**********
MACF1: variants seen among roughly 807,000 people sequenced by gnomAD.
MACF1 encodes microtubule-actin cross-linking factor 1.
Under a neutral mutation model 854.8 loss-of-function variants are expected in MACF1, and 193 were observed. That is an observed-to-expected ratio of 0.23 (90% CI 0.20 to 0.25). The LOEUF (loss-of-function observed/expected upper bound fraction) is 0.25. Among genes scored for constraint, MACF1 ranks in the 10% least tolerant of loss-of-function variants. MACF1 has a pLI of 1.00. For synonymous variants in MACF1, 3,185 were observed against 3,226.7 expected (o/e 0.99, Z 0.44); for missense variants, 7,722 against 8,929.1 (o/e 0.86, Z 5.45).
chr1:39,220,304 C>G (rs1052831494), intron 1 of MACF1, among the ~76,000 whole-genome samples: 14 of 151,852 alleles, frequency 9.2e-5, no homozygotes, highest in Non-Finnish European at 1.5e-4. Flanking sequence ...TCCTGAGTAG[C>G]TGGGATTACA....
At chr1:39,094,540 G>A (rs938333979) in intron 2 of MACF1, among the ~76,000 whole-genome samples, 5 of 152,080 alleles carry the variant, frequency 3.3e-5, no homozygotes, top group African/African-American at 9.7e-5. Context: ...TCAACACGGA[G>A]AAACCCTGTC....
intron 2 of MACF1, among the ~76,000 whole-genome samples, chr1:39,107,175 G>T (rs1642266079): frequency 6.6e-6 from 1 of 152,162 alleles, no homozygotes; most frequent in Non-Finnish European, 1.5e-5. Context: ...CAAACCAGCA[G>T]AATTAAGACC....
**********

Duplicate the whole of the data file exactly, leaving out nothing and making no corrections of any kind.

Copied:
MACF1: variants seen among roughly 807,000 people sequenced by gnomAD.
MACF1 encodes microtubule-actin cross-linking factor 1.
Under a neutral mutation model 854.8 loss-of-function variants are expected in MACF1, and 193 were observed. That is an observed-to-expected ratio of 0.23 (90% CI 0.20 to 0.25). The LOEUF (loss-of-function observed/expected upper bound fraction) is 0.25. Among genes scored for constraint, MACF1 ranks in the 10% least tolerant of loss-of-function variants. MACF1 has a pLI of 1.00. For synonymous variants in MACF1, 3,185 were observed against 3,226.7 expected (o/e 0.99, Z 0.44); for missense variants, 7,722 against 8,929.1 (o/e 0.86, Z 5.45).
chr1:39,220,304 C>G (rs1052831494), intron 1 of MACF1, among the ~76,000 whole-genome samples: 14 of 151,852 alleles, frequency 9.2e-5, no homozygotes, highest in Non-Finnish European at 1.5e-4. Flanking sequence ...TCCTGAGTAG[C>G]TGGGATTACA....
At chr1:39,094,540 G>A (rs938333979) in intron 2 of MACF1, among the ~76,000 whole-genome samples, 5 of 152,080 alleles carry the variant, frequency 3.3e-5, no homozygotes, top group African/African-American at 9.7e-5. Context: ...TCAACACGGA[G>A]AAACCCTGTC....
intron 2 of MACF1, among the ~76,000 whole-genome samples, chr1:39,107,175 G>T (rs1642266079): frequency 6.6e-6 from 1 of 152,162 alleles, no homozygotes; most frequent in Non-Finnish European, 1.5e-5. Context: ...CAAACCAGCA[G>T]AATTAAGACC....